Complex Tech is in Las Vegas for the first annual SXSW V2V conference. Check in here for our daily dispatches.

In 2005, on a sunny day in New York City’s Union Square, Mark Zuckerberg, then just a budding social media impresario, met with Kevin Colleran. There was just one problem: Zuckerberg had mistaken Colleran for someone else.

Days later Sean Parker, who was then second in command at Facebook, spoke with Colleran over the phone. “We thought you were a black guy,” Parker told Colleran. Parker was referring to Colleran’s profile picture, which showed him standing next to rapper 50 Cent, a wide grin splayed across his face.

It was one of the many stories Colleran told Wednesday afternoon during the final day of V2V. As Facebook’s seventh employee—“I replaced Eduardo, if you saw the movie,” he joked—Colleran became the social network’s first ever salesperson. 

 

Through the hour-long talk, tech entrepreneurs, both young and gray haired, listened attentively hoping Colleran would impart the secret to financial stability.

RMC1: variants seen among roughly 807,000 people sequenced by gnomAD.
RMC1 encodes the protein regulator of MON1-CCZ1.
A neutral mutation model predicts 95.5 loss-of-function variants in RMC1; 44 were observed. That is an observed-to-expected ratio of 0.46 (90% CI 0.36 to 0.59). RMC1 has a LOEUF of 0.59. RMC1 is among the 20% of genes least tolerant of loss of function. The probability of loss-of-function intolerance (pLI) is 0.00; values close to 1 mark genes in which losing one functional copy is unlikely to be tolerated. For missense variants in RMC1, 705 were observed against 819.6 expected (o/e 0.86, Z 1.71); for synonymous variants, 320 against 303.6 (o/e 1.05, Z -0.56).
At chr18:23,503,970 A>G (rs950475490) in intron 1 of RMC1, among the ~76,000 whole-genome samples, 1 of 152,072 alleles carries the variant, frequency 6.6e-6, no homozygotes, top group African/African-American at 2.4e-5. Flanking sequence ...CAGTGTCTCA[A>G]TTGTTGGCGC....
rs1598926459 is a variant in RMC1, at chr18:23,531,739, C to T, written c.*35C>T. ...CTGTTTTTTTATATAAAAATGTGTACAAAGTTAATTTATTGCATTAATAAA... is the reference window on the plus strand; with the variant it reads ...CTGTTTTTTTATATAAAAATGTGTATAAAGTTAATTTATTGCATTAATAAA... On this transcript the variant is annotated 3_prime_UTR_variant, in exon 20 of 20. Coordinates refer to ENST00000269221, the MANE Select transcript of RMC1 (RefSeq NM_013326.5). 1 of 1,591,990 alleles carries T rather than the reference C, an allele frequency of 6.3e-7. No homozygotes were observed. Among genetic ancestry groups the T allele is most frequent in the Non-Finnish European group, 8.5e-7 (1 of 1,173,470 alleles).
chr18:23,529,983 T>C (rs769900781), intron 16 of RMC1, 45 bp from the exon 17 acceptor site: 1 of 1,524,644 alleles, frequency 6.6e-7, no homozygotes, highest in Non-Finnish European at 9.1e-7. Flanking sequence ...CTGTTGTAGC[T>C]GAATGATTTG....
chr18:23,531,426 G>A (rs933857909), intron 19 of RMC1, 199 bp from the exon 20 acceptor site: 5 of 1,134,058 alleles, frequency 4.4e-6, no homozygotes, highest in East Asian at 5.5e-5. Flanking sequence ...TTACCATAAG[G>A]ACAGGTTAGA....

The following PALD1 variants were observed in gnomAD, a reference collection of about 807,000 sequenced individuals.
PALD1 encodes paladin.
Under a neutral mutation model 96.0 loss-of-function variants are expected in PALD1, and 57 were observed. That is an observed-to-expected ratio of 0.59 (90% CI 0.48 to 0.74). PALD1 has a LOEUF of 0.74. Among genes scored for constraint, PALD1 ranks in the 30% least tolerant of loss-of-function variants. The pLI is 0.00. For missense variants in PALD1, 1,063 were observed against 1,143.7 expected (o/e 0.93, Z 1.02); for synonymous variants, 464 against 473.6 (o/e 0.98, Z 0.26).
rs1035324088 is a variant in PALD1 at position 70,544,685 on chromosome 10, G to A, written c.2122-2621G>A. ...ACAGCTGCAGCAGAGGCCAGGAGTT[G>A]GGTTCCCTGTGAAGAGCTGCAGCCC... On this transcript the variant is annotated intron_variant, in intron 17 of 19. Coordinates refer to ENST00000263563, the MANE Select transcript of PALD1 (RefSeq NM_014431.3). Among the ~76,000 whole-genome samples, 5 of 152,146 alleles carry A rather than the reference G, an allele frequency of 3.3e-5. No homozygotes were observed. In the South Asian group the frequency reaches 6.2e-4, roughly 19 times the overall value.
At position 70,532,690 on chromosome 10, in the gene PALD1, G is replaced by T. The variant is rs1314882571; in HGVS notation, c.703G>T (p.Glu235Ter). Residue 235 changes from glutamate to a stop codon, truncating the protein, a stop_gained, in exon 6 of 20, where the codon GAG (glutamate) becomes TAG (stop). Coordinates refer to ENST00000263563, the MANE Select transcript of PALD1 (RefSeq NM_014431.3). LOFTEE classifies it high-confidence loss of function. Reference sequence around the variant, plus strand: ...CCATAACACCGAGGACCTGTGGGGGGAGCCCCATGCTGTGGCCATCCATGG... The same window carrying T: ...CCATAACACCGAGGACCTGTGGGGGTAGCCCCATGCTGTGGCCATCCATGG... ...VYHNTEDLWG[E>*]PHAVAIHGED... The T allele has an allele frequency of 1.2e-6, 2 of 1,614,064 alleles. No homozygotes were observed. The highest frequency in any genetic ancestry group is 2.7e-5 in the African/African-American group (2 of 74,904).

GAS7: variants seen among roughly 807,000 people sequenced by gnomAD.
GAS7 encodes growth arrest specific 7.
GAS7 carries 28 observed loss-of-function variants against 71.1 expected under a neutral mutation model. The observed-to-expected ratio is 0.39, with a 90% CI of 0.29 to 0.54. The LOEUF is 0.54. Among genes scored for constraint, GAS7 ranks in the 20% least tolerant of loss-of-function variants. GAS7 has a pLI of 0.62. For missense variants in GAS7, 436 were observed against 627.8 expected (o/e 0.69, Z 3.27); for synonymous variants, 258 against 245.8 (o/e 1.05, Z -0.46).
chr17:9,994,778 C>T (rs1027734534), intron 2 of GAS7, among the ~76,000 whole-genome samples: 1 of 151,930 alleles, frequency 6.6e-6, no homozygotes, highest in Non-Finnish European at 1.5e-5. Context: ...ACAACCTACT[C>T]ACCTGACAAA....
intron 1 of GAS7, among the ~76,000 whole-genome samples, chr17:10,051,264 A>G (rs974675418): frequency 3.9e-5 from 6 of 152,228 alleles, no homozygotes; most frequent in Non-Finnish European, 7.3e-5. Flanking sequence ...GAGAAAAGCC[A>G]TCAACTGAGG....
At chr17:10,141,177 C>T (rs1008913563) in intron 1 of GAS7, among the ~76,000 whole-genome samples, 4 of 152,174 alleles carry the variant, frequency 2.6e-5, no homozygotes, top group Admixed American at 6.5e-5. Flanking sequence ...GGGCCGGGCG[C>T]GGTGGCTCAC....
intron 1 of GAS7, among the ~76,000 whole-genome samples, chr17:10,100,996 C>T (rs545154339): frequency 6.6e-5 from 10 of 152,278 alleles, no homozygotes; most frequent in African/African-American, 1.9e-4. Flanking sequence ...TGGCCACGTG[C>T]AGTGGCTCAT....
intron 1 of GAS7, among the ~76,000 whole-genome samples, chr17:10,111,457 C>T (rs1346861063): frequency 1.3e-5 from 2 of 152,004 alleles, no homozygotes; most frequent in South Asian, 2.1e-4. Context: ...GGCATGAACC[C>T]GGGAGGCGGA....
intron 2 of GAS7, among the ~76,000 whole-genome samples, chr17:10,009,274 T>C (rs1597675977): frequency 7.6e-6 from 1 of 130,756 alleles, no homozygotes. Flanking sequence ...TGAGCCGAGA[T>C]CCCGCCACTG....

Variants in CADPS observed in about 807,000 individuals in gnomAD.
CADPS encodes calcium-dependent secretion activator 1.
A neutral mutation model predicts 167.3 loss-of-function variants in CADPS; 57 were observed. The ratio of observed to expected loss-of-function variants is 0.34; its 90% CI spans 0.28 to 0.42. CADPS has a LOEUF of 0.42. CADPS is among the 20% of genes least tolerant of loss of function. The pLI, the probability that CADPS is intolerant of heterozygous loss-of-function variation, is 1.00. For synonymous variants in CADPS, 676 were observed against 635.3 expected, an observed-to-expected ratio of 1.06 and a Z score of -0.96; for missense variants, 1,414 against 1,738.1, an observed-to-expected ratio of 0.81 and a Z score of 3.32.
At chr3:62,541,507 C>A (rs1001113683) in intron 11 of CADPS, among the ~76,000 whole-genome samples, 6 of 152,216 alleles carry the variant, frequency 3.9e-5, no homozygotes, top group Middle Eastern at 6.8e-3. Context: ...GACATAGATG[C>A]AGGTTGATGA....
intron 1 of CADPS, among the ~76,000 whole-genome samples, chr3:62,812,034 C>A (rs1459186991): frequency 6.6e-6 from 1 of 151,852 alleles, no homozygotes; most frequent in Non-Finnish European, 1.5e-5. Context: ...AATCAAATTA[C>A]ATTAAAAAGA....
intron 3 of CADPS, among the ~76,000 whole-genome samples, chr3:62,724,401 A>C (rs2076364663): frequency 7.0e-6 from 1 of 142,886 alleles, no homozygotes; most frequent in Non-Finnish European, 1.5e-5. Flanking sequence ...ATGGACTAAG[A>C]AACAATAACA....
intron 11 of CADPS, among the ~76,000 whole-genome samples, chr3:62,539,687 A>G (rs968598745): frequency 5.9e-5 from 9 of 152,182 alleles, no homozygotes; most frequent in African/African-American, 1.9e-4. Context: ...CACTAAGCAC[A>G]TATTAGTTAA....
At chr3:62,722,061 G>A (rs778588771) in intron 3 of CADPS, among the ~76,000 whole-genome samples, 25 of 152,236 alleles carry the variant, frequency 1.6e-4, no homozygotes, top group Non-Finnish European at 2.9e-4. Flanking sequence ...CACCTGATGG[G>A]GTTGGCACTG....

From 2005 to 2011, Colleran helped secure some of the company’s biggest accounts, establishing the social network’s ad revenue stream for years to come.

On Wednesday much of Colleran’s time was spent dispelling myths about Zuckerberg’s hatred toward advertisers. “There was this assumption that advertising was a bad thing, and was making the site worse,” he said. “But Mark was always open to advertising. He was just disappointed that the ads were bad.”

Colleran is now a Venture Partner at General Catalyst Partners, a firm that has invested in Airbnb and Snapchat, among a dozen other startups.

Ads have been apart of Facebook from the very beginning, Colleran told the crowd, noting the fliers placed on pages in the site’s early days. The original Facebook, he reminded attendees, also had banner ads, which eventually evolved into ads displayed in the newsfeed, then into sponsored stories, fan pages, and likes. Mobile ads, he said, were added in 2012.

A lot of what Facebook does now, Colleran noted, is native advertising, where an ad is designed specifically for an individual page.

Through the hour-long talk, tech entrepreneurs, both young and gray haired, listened attentively hoping Colleran would impart the secret to financial stability. 

Successful startups, Colleran believed, were able to tap into one very important factor: a delicate balance between advertising and the user experience. “It’s hard,” he said, quickly admitting, “Advertisers hate change.”